Italians in Germany

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Italians in Germany
Staatsangehörigkeit Italien in Deutschland.png
Distribution of Italian citizens in Germany (2014).
Total population
969,000 (with Italian ancestry) [1] 596,127 (Italians citizens)[2]
Regions with significant populations
Berlin · Hamburg · Munich · Rhein-Ruhr · Frankfurt · Stuttgart · Cologne
German · Italian · other languages of Italy
Major Catholicism · Lutheranism · Others
Related ethnic groups
Italian people · other European peoples

Italians in Germany consist of ethnic Italian migrants to Germany and their descendants, both those originating from Italy as well as from among the communities of Italians in Switzerland. Most Italians moved to Germany for reasons of work, others for personal relations, study, or political reasons. Today, Italians in Germany form one of the largest Italian diasporas in the world and account for one of the largest immigrant groups in Germany.


Italian emigrants in Germany (called "Gastarbeiter"), receiving instruction in 1962

Large numbers of Italians have resided in Germany since the early Middle Ages, particularly architects, craftsmen and traders. During the late Middle Ages and early modern times many Italians came to Germany for business, and relations between the two countries prospered. The political borders were also somewhat intertwined under the German princes' attempts to extend control over all the Holy Roman Empire, which extended from northern Germany down to southern Italy. During the Renaissance many Italian bankers, architects and artists moved to Germany and successfully integrated in the German society.

Italian worker in Duisburg in 1962
Italian workers in Cologne in 1962

When the huge Italian emigration of the 19th century began, only a few Italians moved to the German Empire under Prussian rule.

With Germany's post-World War II economic boom (Wirtschaftswunder), a large wave of immigrants from Italy relocated to Germany. Italy and Germany have been joint members of the European Coal and Steel Community (later the European Economic Community). Since the establishment of freedom of movement for workers between the two countries in 1961, more than 580,000 Italians migrated to Germany for work, mainly from southern and north-eastern Italy. Among the German cities Wolfsburg and Ludwigshafen had the highest share of Italian migrants in 2011 according to German Census data. [3]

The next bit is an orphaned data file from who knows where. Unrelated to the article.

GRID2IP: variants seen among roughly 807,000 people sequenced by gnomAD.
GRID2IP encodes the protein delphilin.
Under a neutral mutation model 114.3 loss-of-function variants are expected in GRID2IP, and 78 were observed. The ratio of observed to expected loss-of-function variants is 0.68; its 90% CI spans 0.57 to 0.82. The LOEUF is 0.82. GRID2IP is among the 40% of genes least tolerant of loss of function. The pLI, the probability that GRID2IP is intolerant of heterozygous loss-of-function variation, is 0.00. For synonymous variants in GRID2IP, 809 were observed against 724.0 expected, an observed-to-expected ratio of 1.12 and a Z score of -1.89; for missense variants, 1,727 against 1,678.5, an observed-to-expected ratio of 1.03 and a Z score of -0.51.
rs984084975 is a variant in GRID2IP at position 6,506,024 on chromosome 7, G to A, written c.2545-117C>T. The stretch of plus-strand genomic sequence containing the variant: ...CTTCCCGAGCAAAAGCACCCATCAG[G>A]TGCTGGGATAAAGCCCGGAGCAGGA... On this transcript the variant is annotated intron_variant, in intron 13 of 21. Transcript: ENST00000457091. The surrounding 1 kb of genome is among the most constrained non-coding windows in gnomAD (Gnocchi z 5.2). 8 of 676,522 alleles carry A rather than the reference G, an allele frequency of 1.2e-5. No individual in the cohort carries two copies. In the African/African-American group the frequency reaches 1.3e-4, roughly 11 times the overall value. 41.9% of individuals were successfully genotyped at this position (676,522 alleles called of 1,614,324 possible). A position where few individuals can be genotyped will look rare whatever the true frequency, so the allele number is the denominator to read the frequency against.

The workers in the Contemporary Art Museum of Casoria in Naples, Italy, proposed a plea of asylum to Germany.[4]

Organised crime[edit]

In 2017 there wre 14 organized crime trials of Italian mafia groups. The following groups were involved:[5]

The major activity of these groups was cocaine drug trafficking. In these trials 169 suspects were reported, of which 139 were Italian citizens.[5]

Social integration[edit]

Italians in Germany are actively involved both in regional and federal German politics; areas of concern are European integration and assimilation.

They also had a substantial influence on the development of Fine Arts in Germany from Romanesque and Gothic architecture to contemporary fashion and design.

Notable people[edit]

In general[edit]

Football players[edit]

See also[edit]


  • Johannes Augel - Italienische Einwanderung und Wirtschaftstätigkeit in rheinischen Städten des 17. und 18. Jahrhunderts - Bonn, L. Röhrscheid, 1971.
  • G. Corni, C. Dipper - Italiani in Germania tra Ottocento e Novecento: spostamenti, rapporti, immagini, influenze - Bologna, Il Mulino, 2006, ISBN 88-15-10731-2.
  • Marco Fincardi - Emigranti a passo romano: operai dell'Alto Veneto e Friuli nella Germania hitleriana - Verona, Cierre, 2002, ISBN 88-8314-179-2.
  • Brunello Mantelli - Camerati del lavoro. I lavoratori emigrati nel Terzo Reich nel periodo dell'Asse 1938-1943 - Scandicci, La Nuova Italia, 1942.
  • Claudia Martini - Italienische Migranten in Deutschland: transnationale Diskurse - Amburgo, D. Reimer, 2001, ISBN 3-496-02496-8.
  • Edith Pichler, Ethnic economics: the Italian enterpreneurs in Germany, in: Chiapparino, F. (Hg.), The Alien Entrepreneur, Milano, S.54-82, 2011.
  • Edith Pichler, 50 anni di immigrazione italiana in Germania: transitori, inclusi/esclusi o cittadini europei?, in: Altreitalie, International journal of studies on Italian migrations in the world, Nr. 33, S. 6-18. Torino, 2006.
  • Edith, Pichler, Junge Italiener zwischen Inklusion und Exklusion. Eine Fallstudie. Berlin, 2010.
  • Edith, Pichler, Dai vecchi pionieri alla nuova mobilità. Italiani a Berlino tra inclusione ed esclusione, in (a cura di) De Salvo, E./Ugolini, G./Priori, L., Italo-Berliner. Gli italiani che cambiano la capitale tedesca, Milano-Udine, Mimesis, 2014.


External links[edit]